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The Oscars (and all industry awards, as a whole) are nonsense, and it's time we admitted it

Let's appreciate the glitz, the glamour, and the fun of the show, but we don't have to pretend to respect the awards themselves

The Oscars (and all other industry awards) are nonsense
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As I write this, this year’s Academy Awards are just days away from happening — we’re going to be live-blogging the whole thing, if you want to see two friends with very different tastes argue a lot right in front of your eyes — and the entertainment industry is abuzz with the whole thing.

And why not? The Oscars are easily the biggest awards ceremony around, and offer everything everyone wants from this kind of thing: beautiful people looking beautiful in one place, the opportunity for no end of self-congratulation and self-mythologizing, and a reminder that movies are not just a powerful art form that can communicate all manner of messages, emotions, and stories, but they’re also available to rent or buy on a digital platform near you right now.

Everyone loves the Oscars, just the same as everyone liking the Emmys, or the Golden Globes, or the Tonys, or any number of award ceremonies. But here’s the thing: It’d be great if we stopped pretending that these awards really mean anything in the grand scheme of things.

Don’t get me wrong — I love the glitz and glamour of these kinds of things as much as anyone, but I appreciate them for what they are: spectacle, as opposed to substance, for want of a better way to put it. It’s not fair to say that there’s no “there” there when it comes to industry awards, because there truly is something worthwhile about being voted the best at something by your peers… at least in theory.

The problem is that such things almost always quickly transform from recognizing the best work available to popularity contests or records of who was most successful at politically maneuvering around the crowds at the time; whatever entertainment industry awards might be involved — and I’m including everything from the Oscars all the way to the Eisner Awards and beyond here — the winners are as much a reflection of the zeitgeist of that particular moment as they are actual quality.

Again, the Oscars offer some of the best evidence of this. How did Forrest Gump win Best Picture in 1994, beating out The Shawshank Redemption and Pulp Fiction? Was Tom Hooper’s work as director on The King’s Speech — a movie I would almost bet you hadn’t given any thought to in almost a decade — better than the Coen brothers’ work on True Grit, nominated that same year in the same category? (2011, and, no; of course it wasn’t.) In what world is Driving Miss Daisy a more deserving recipient of Best Picture in 1990 than My Left Foot? I even would have taken Born on the Fourth of July, also nominated in the category in the same year.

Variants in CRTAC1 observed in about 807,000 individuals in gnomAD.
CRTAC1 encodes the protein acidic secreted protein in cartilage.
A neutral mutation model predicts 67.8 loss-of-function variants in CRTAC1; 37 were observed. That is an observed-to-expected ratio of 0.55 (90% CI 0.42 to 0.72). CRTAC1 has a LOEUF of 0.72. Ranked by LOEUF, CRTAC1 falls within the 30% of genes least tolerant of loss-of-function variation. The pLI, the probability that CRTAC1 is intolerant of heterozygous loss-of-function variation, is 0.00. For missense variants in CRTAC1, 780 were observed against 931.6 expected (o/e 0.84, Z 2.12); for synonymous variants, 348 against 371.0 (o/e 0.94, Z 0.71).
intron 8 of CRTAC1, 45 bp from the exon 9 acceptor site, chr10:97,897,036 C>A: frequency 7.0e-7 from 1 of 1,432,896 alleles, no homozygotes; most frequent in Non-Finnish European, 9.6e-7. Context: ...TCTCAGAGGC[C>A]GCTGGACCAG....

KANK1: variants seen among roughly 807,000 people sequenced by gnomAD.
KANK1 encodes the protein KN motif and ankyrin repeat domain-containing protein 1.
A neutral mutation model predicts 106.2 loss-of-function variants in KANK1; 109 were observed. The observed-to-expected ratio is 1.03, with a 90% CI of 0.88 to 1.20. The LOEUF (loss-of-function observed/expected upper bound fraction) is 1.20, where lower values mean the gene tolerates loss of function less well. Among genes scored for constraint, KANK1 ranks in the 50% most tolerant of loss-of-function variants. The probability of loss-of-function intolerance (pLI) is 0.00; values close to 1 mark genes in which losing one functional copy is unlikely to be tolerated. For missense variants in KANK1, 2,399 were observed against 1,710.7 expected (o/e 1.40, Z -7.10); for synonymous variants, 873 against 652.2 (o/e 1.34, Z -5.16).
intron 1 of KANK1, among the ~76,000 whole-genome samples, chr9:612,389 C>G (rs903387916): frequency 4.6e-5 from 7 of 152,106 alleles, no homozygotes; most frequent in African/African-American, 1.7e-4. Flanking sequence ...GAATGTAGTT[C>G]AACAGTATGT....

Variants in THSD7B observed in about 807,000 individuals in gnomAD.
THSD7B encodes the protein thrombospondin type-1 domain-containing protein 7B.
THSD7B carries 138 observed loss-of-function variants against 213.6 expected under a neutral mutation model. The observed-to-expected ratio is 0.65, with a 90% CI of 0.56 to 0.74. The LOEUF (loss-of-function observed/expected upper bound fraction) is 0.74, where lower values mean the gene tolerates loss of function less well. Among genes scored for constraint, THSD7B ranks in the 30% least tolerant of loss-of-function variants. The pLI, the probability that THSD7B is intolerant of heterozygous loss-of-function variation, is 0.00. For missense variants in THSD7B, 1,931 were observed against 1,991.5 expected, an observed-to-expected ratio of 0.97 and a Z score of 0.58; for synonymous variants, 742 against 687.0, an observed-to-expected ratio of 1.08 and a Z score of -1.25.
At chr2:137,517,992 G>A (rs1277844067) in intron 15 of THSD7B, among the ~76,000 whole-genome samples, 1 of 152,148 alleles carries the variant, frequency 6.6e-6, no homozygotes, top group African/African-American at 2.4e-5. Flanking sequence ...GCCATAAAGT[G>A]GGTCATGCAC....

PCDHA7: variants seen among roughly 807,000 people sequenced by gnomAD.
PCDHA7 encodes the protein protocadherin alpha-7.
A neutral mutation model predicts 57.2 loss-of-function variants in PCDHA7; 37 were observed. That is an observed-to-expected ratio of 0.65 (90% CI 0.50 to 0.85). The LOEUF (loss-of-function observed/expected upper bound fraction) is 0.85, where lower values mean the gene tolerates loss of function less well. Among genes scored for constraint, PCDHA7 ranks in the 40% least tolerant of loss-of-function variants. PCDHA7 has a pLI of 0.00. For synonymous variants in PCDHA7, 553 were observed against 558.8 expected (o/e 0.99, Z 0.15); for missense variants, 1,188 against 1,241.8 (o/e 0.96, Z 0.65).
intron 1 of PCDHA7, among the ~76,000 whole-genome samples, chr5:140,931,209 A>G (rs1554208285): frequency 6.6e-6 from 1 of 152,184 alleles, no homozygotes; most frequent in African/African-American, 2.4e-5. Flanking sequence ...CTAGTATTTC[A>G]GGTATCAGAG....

The thing is, I think everyone already knows this: think about the by-now-traditional complaints about why “should have” won the awards, or even earlier, should have been nominated. We all do it, in part because we all accept on some level that the awards part of these awards ceremonies aren’t exactly entirely legitimate. It’s part of the whole thing: we want to watch all of these awards because we want to complain that someone else should have won, almost as much as we want to see our favorites get the gongs they deserve.

None of this is a problem, I hasten to add. Just as we all love the sight of celebrities done up to the nines, we love to gripe that, really, it should’ve been [delete as applicable] who got the recognition and not that guy who is only getting it because they should’ve gotten it years ago. (Think of it as the “Al Pacino got a Best Actor nod for Scent of a Woman? Really?” factor.) It’s part of the fun, and something that we should all just admit upfront… but doing so involves admitting that, maybe these kinds of awards aren’t really as successful at their stated aims as they should be, which might be an admission too far for a lot of people.

Perhaps I’m grousing too much in advance; maybe this is the ramblings of a bitter old man who’s never been recognized by his peers. Check in with me after this year’s Oscars and see if I’ve changed my tune about the whole shebang. It’s unlikely, but stranger things have happened — and Poor Things sweeping the board would do a lot to make me feel as if I’ve been wrong the entire time, after all…


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About the Author
Graeme McMillan avatar

Graeme McMillan

Staff Writer

Popverse staff writer Graeme McMillan (he/him) has been writing about comics, culture, and comics culture on the internet for close to two decades at this point, which is terrifying to admit. He completely understands if you have problems understanding his accent.
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